The Counter Terrorism Centre is a special police force with nationwide jurisdiction under the direct control of the Minister of the Interior of Hungary, founded by prime minister Viktor Orbán in 2011. It mainly deals with counter-terrorist activities, the majority of the police officers serving in the body are trained as SWAT officers to fight against armed criminals. They interfere when necessary in any case if asked for by the National Police or other authorities. Besides, the Counter Terrorism Centre is also responsible for the protection of the Hungarian prime minister, president of the republic and other high-ranking government and state officials and the security of several government building, and also serves as a secret service-like organisation collecting and analysing information about potentially dangerous groups and persons. It is often criticised by the political opposition as "the private army of the prime minister", since its first and current director, police brigadier general János Hajdú was earlier the personal bodyguard of prime minister Viktor Orbán after retiring from his police career. Nevertheless, it is a fact that the officers employed and the functions carried out by the service existed earlier mainly within the frameworks of the National Police under the name of "Terrorelhárító Szolgálat" (Counter Terrorism Service), they were only centralised into an autonomous police force under the direct control of the Ministry of the Interior, not causing essential changes in the structure and operation of Hungarian law enforcement, only the organisational frameworks changed to some extent.

Nemzeti Védelmi Szolgálat (National Protective Service)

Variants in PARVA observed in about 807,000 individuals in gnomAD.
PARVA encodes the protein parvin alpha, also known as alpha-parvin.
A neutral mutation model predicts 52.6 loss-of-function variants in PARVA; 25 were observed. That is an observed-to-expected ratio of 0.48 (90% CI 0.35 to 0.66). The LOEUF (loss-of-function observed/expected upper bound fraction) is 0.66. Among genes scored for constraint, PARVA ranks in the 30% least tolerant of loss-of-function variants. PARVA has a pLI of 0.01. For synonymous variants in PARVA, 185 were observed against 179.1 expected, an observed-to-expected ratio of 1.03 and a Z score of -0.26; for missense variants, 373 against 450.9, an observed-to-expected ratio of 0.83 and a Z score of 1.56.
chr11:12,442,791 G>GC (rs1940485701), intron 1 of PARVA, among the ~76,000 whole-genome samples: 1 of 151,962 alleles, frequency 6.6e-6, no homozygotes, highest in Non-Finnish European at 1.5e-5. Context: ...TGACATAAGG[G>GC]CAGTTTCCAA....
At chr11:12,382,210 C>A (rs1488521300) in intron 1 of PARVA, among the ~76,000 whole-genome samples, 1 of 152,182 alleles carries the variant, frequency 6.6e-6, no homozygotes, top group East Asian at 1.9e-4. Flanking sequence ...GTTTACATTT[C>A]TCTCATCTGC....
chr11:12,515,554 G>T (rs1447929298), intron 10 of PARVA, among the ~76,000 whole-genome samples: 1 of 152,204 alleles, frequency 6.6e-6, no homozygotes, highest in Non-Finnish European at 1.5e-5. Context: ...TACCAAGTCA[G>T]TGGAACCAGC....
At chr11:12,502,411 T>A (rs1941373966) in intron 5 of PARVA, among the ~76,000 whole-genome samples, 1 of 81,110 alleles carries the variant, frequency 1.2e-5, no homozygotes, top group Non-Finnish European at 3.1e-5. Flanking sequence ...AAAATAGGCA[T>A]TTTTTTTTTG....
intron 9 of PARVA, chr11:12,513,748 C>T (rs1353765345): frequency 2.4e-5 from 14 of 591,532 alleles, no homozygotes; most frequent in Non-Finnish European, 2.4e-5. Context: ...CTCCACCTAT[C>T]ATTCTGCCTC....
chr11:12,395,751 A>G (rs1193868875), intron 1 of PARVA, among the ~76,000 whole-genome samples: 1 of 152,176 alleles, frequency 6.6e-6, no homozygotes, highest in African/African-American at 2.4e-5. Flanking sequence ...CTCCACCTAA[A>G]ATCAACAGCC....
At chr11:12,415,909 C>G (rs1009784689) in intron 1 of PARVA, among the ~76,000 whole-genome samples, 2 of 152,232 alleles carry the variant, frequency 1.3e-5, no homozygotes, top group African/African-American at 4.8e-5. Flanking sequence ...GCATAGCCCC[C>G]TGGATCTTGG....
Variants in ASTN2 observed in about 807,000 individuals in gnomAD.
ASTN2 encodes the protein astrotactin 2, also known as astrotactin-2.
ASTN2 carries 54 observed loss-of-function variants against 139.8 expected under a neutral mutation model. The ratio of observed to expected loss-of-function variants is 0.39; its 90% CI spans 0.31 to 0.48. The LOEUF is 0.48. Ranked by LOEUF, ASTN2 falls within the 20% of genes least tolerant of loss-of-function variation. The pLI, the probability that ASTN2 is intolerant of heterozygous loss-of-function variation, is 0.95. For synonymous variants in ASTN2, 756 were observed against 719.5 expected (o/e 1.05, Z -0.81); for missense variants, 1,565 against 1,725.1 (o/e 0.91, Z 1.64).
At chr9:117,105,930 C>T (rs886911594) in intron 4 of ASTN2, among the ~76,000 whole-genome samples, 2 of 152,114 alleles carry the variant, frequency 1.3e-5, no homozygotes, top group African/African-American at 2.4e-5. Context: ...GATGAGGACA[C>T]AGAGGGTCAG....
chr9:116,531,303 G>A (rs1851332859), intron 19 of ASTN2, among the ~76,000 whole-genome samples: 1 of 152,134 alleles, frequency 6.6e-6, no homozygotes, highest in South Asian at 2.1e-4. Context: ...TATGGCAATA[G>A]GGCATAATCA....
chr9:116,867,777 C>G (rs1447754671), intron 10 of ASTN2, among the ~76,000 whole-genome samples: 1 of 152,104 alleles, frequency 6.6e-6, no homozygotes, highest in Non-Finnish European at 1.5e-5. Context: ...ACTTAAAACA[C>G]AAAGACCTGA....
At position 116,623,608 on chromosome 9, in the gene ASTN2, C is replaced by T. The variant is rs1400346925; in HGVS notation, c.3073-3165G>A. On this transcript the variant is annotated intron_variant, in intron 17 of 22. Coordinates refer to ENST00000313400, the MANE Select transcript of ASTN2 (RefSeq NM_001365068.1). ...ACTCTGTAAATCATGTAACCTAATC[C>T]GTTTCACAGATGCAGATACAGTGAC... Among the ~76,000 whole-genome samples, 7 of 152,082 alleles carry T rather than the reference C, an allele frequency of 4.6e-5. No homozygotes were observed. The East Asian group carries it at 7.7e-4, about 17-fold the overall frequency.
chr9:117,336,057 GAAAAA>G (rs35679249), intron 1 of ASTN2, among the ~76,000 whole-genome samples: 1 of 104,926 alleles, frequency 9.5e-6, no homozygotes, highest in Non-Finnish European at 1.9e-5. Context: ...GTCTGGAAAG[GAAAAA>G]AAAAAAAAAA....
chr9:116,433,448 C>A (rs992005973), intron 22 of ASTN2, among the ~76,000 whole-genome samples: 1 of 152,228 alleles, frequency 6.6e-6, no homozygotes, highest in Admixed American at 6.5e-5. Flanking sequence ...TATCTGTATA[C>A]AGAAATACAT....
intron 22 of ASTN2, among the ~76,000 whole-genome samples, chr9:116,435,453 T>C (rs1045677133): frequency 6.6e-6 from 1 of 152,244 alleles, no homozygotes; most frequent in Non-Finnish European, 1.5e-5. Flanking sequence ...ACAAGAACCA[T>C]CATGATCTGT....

The National Protective Service is a special police force under the direct control of the Minister of the Interior, with nationwide jurisdiction, mainly dealing with anti-corruption activities within the government sphere. The service can collect information about any government officials, including their private life or law enforcement officers in Hungary, even testing their reliability by making a false attempt to bribe them. Although the force is also often criticised by the media of the political opposition as "resembling the secret police services of the era of the communistic dictatorship", it should be mentioned that similar anti-corruption organisation exist in nearly all member states of the European Union, and its preceding agency the Rendészeti Szervek Védelmi Szolgálata (Protective Service of Law Enforcement Agencies) had nearly the same jurisdiction over the uniformed officers employed by the government, its jurisdiction was only extended to the civilian officials employed by ministries and other government organs, and considering the high rates of corruption in Hungary, the existence operation of the service seems to be necessary. Since the service was established, the corruption within the public sphere in Hungary including law enforcement agencies decreased to some exttent. Up to now it has not been proven that the National Protective Service would have abused its powers granted by law in any way. The National Protection Service has established its own code of conduct, and regulations concerning the declaration of property that apply to the police also apply to the National Protective Service.[3]